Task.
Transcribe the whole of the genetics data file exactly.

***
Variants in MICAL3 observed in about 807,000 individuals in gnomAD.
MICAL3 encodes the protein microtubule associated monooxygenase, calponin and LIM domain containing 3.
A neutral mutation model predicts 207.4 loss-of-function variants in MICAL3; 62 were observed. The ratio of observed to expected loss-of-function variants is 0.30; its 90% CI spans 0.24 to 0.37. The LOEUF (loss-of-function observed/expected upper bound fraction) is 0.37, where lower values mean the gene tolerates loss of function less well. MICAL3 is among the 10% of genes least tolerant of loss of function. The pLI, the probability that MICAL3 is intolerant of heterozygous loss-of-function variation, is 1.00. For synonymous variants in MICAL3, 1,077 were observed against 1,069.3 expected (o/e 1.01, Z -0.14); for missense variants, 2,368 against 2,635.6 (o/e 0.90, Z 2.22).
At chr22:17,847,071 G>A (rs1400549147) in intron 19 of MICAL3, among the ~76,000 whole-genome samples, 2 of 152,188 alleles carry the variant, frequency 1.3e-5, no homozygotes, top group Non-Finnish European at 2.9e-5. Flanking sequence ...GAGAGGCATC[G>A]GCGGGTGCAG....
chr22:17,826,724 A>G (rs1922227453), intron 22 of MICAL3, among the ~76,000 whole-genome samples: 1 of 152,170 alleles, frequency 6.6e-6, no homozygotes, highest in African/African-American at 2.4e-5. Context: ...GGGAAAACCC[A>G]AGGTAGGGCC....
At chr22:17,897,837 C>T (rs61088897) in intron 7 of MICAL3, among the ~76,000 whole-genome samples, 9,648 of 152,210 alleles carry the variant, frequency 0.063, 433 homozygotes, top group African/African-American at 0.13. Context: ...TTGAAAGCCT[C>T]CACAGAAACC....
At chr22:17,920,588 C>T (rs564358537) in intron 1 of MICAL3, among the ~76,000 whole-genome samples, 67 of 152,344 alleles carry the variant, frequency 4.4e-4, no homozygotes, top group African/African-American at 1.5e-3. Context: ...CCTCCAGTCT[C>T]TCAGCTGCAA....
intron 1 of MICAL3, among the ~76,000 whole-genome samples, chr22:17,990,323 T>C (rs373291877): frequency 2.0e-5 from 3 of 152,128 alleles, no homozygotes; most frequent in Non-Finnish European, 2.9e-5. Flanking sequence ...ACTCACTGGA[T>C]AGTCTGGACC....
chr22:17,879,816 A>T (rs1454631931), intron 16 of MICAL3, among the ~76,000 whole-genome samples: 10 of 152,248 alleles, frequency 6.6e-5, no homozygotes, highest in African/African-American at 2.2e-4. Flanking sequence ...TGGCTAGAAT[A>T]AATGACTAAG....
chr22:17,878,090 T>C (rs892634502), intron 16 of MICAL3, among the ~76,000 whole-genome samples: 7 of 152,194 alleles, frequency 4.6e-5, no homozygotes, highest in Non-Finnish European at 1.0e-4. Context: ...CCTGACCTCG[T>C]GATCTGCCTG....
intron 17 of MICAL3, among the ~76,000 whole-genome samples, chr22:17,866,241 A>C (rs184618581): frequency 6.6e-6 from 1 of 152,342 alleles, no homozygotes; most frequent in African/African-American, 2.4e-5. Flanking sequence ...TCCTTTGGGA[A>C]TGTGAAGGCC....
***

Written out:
Variants in MICAL3 observed in about 807,000 individuals in gnomAD.
MICAL3 encodes the protein microtubule associated monooxygenase, calponin and LIM domain containing 3.
A neutral mutation model predicts 207.4 loss-of-function variants in MICAL3; 62 were observed. The ratio of observed to expected loss-of-function variants is 0.30; its 90% CI spans 0.24 to 0.37. The LOEUF (loss-of-function observed/expected upper bound fraction) is 0.37, where lower values mean the gene tolerates loss of function less well. MICAL3 is among the 10% of genes least tolerant of loss of function. The pLI, the probability that MICAL3 is intolerant of heterozygous loss-of-function variation, is 1.00. For synonymous variants in MICAL3, 1,077 were observed against 1,069.3 expected (o/e 1.01, Z -0.14); for missense variants, 2,368 against 2,635.6 (o/e 0.90, Z 2.22).
At chr22:17,847,071 G>A (rs1400549147) in intron 19 of MICAL3, among the ~76,000 whole-genome samples, 2 of 152,188 alleles carry the variant, frequency 1.3e-5, no homozygotes, top group Non-Finnish European at 2.9e-5. Flanking sequence ...GAGAGGCATC[G>A]GCGGGTGCAG....
chr22:17,826,724 A>G (rs1922227453), intron 22 of MICAL3, among the ~76,000 whole-genome samples: 1 of 152,170 alleles, frequency 6.6e-6, no homozygotes, highest in African/African-American at 2.4e-5. Context: ...GGGAAAACCC[A>G]AGGTAGGGCC....
At chr22:17,897,837 C>T (rs61088897) in intron 7 of MICAL3, among the ~76,000 whole-genome samples, 9,648 of 152,210 alleles carry the variant, frequency 0.063, 433 homozygotes, top group African/African-American at 0.13. Context: ...TTGAAAGCCT[C>T]CACAGAAACC....
At chr22:17,920,588 C>T (rs564358537) in intron 1 of MICAL3, among the ~76,000 whole-genome samples, 67 of 152,344 alleles carry the variant, frequency 4.4e-4, no homozygotes, top group African/African-American at 1.5e-3. Context: ...CCTCCAGTCT[C>T]TCAGCTGCAA....
intron 1 of MICAL3, among the ~76,000 whole-genome samples, chr22:17,990,323 T>C (rs373291877): frequency 2.0e-5 from 3 of 152,128 alleles, no homozygotes; most frequent in Non-Finnish European, 2.9e-5. Flanking sequence ...ACTCACTGGA[T>C]AGTCTGGACC....
chr22:17,879,816 A>T (rs1454631931), intron 16 of MICAL3, among the ~76,000 whole-genome samples: 10 of 152,248 alleles, frequency 6.6e-5, no homozygotes, highest in African/African-American at 2.2e-4. Flanking sequence ...TGGCTAGAAT[A>T]AATGACTAAG....
chr22:17,878,090 T>C (rs892634502), intron 16 of MICAL3, among the ~76,000 whole-genome samples: 7 of 152,194 alleles, frequency 4.6e-5, no homozygotes, highest in Non-Finnish European at 1.0e-4. Context: ...CCTGACCTCG[T>C]GATCTGCCTG....
intron 17 of MICAL3, among the ~76,000 whole-genome samples, chr22:17,866,241 A>C (rs184618581): frequency 6.6e-6 from 1 of 152,342 alleles, no homozygotes; most frequent in African/African-American, 2.4e-5. Flanking sequence ...TCCTTTGGGA[A>C]TGTGAAGGCC....